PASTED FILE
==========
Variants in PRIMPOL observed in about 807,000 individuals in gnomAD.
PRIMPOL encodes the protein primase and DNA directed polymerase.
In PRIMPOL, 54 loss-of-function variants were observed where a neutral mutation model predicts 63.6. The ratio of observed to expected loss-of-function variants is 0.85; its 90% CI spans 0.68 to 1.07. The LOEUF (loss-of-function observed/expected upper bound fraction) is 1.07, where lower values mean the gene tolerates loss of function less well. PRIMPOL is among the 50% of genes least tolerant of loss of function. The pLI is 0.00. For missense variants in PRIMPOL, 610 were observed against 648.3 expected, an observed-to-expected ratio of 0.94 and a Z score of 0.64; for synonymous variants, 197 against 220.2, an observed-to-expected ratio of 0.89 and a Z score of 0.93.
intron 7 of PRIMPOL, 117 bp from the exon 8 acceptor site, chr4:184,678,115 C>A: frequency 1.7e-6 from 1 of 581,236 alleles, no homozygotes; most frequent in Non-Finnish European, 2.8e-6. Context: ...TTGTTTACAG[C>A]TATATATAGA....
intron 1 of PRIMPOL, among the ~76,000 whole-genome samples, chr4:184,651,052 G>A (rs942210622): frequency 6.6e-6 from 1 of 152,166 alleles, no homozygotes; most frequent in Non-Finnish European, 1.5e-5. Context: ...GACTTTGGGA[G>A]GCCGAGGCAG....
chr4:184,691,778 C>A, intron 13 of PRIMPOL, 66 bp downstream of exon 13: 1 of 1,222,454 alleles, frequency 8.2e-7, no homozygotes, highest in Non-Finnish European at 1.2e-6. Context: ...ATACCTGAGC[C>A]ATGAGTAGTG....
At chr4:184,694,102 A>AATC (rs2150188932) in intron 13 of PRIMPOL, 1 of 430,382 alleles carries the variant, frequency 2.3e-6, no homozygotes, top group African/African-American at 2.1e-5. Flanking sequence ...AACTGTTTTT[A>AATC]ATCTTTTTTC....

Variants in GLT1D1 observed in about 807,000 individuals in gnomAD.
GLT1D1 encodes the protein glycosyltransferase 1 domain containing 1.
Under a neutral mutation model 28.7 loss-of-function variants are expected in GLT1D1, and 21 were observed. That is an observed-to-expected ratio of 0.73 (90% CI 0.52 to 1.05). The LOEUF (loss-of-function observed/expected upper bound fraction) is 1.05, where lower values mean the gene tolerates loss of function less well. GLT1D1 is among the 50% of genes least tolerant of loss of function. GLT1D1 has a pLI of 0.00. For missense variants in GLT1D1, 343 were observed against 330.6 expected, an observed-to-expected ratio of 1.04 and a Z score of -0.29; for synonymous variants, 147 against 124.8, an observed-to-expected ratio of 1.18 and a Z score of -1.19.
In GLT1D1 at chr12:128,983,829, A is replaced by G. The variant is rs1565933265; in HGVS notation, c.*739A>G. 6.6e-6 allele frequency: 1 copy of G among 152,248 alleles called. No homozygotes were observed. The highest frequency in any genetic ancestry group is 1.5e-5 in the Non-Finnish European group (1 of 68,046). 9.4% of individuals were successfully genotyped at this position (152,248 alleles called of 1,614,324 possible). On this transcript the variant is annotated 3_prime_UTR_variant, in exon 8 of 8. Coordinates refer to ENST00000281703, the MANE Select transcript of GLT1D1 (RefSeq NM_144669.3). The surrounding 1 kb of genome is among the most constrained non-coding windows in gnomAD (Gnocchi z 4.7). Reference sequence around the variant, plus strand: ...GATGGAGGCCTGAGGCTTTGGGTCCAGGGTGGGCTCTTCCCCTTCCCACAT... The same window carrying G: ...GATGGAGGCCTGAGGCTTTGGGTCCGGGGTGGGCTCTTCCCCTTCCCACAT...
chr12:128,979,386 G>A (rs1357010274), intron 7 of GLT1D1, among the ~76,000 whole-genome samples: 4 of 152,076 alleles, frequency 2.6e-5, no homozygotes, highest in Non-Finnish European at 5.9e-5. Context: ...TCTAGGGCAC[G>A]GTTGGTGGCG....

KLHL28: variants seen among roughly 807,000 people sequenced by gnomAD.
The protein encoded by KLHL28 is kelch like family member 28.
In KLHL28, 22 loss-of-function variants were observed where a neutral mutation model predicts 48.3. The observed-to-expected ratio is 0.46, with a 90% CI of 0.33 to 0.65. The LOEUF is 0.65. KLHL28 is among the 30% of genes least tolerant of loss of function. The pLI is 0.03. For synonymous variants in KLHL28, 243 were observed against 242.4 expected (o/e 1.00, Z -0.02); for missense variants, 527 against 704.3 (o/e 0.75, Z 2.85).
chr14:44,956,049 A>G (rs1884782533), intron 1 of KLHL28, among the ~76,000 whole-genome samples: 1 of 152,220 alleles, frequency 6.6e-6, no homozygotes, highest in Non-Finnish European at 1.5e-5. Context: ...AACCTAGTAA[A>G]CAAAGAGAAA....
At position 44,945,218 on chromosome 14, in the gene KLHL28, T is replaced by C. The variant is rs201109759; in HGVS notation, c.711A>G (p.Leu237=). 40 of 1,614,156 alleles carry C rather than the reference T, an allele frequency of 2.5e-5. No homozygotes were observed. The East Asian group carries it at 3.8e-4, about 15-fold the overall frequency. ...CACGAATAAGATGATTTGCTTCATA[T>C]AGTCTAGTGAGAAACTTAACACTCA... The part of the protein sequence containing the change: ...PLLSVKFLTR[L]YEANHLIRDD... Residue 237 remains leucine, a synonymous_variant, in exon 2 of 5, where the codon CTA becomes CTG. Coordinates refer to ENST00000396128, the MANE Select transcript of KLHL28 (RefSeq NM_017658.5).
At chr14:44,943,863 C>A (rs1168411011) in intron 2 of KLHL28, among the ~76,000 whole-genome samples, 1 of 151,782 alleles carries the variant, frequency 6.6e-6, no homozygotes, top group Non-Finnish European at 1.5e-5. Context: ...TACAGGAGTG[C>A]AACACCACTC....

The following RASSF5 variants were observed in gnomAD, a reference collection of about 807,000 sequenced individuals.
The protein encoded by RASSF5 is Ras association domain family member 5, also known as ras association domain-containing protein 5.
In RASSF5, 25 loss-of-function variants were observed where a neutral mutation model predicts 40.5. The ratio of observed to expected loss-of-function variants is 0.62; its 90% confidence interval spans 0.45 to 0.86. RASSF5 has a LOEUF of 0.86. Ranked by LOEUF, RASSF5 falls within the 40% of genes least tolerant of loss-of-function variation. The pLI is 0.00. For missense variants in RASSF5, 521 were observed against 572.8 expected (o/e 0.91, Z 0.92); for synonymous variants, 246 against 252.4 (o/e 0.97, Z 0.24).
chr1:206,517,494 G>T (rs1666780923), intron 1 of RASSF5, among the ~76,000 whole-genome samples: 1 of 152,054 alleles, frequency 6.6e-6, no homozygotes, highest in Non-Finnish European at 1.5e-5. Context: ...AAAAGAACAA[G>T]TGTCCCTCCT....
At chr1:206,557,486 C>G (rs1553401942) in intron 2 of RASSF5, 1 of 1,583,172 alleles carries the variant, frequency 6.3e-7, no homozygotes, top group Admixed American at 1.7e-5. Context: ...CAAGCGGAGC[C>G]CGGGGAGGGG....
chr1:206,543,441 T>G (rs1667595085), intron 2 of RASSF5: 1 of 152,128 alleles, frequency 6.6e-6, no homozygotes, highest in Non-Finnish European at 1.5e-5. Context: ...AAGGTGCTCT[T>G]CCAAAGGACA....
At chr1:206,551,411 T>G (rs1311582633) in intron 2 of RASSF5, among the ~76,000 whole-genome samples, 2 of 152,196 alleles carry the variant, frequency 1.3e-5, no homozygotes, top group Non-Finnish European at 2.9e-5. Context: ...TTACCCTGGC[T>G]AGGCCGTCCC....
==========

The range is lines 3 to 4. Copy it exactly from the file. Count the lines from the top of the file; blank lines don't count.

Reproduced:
In PRIMPOL, 54 loss-of-function variants were observed where a neutral mutation model predicts 63.6. The ratio of observed to expected loss-of-function variants is 0.85; its 90% CI spans 0.68 to 1.07. The LOEUF (loss-of-function observed/expected upper bound fraction) is 1.07, where lower values mean the gene tolerates loss of function less well. PRIMPOL is among the 50% of genes least tolerant of loss of function. The pLI is 0.00. For missense variants in PRIMPOL, 610 were observed against 648.3 expected, an observed-to-expected ratio of 0.94 and a Z score of 0.64; for synonymous variants, 197 against 220.2, an observed-to-expected ratio of 0.89 and a Z score of 0.93.
intron 7 of PRIMPOL, 117 bp from the exon 8 acceptor site, chr4:184,678,115 C>A: frequency 1.7e-6 from 1 of 581,236 alleles, no homozygotes; most frequent in Non-Finnish European, 2.8e-6. Context: ...TTGTTTACAG[C>A]TATATATAGA....